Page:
Even now, after nearly eight decades, secrets about Soviet espionage in the MANHATTAN Project are still appearing. One Soviet agent only recently to emerge is George Koval (codenamed DEVAL), an American engineer drafted into the MANHATTAN project, where he worked on polonium bomb “initiators” at a facility in Dayton, Ohio. The significance of Koval’s espionage was only revealed after his death in 2006, at the age of 93. Russia’s ministry of defense disclosed that when the Soviets detonated their first bomb, the initiator was prepared to a “recipe” provided by Koval. Russia’s leader, Vladimir Putin, posthumously honored Koval “Hero of Russia,” offering a champagne toast in his honor.


There are some aspects of Oppenheimer that, if it were a documentary, would need to be emphasized differently— and are worth knowing before you see the movie. In the film, the delegation of British scientists arriving at Los Alamos are treated somewhat in passing. It’s worth remembering, however, that the British were working on their own atom bomb project (TUBE ALLOYS) since before the U.S. joined the war in 1941, while Britain fought alone, and the United States remained ingloriously outside the war. When the United States was finally pulled into the war, the British TUBE ALLOYS Project was subsumed into the MANHATTAN Project, with America’s vast more resources. The British brought valuable expertise to Los Alamos— but the team included Klaus Fuchs. I’ll be interested to see in the extras for Oppenheimer whether the British story at Los Alamos got left on the cutting floor.

Nolan correctly describes that one of those who blocked Strauss’s nomination in 1959 was the young Senator from Massachusetts, John F. Kennedy. That’s a nice nod to Kennedy as the great American Liberal icon. But Kennedy’s own previous history with McCarthyism is uglier than this moment depicted. In his earlier political career, JFK failed to stand up to McCarthy— indeed, his brother, Robert, briefly worked for the demagogue. JFK knew that criticizing McCarthy was no way to win votes in his 1953 Senate run; it would open himself up to criticism of being soft on communism at a moment when both sides of the political divide were outdoing themselves to be “tough” on it.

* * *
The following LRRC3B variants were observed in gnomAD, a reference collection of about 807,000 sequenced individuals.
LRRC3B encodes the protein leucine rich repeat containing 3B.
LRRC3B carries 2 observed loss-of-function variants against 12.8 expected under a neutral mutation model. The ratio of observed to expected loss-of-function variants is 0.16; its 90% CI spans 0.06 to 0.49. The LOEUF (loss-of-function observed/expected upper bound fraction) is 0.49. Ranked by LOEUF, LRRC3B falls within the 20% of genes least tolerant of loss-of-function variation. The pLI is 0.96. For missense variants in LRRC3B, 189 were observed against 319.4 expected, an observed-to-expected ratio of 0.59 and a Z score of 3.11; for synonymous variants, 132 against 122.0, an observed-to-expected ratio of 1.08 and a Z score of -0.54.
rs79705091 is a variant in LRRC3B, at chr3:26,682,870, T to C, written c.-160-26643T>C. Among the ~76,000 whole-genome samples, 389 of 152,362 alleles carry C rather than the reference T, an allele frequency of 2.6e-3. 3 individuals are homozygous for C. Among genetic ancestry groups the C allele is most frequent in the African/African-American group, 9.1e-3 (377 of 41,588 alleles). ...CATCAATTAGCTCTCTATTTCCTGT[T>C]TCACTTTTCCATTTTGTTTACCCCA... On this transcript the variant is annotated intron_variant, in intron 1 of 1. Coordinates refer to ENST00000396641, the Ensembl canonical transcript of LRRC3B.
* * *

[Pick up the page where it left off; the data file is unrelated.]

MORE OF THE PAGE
Standing next to an IMAX camera in the desert, Director Christopher Nolan adjusts the hat of Cillian Murphy during filming of Oppenheimer.

Director Christopher Nolan adjusts the hat of Cillian Murphy during filming of Oppenheimer. Universal Studios

My recommendation: go watch this film, watch it again, then read about the history. The issues that Nolan depicts are important to understand because they are not relegated to a distant past. The new world that Oppenheimer created, and the nightmare he feared, still lives with us today. Putin is threatening to use a nuclear weapon in his war in Ukraine, Iran is doing everything it can to procure a nuke, and China is set on increasing its nuclear arsenal. Hostile governments are also, again, targeting Los Alamos. According to a recent report, the Chinese government has illicitly obtained valuable secrets from Los Alamos about hypersonic missiles, which Beijing has used to advance its defense technologies.

Meanwhile, we are on the edge of technological revolutions that will transform our societies this century as much as nukes did in the last: artificial intelligence, quantum computing, and biological engineering. A question at the front of my mind, after watching Oppenheimer: have hostile foreign governments already stolen keys to unlock these new technologies in the same way the Soviets did the atom bomb?

Statements and views expressed in this commentary are solely those of the author and do not imply endorsement by Harvard University, the Harvard Kennedy School, or the Belfer Center for Science and International Affairs.

For more information on this publication: Belfer Communications Office
For Academic Citation:

Walton, Calder."The Real-Life Events of 'Oppenheimer'" Belfer Center for Science and International Affairs, Harvard Kennedy School, July 26, 2023.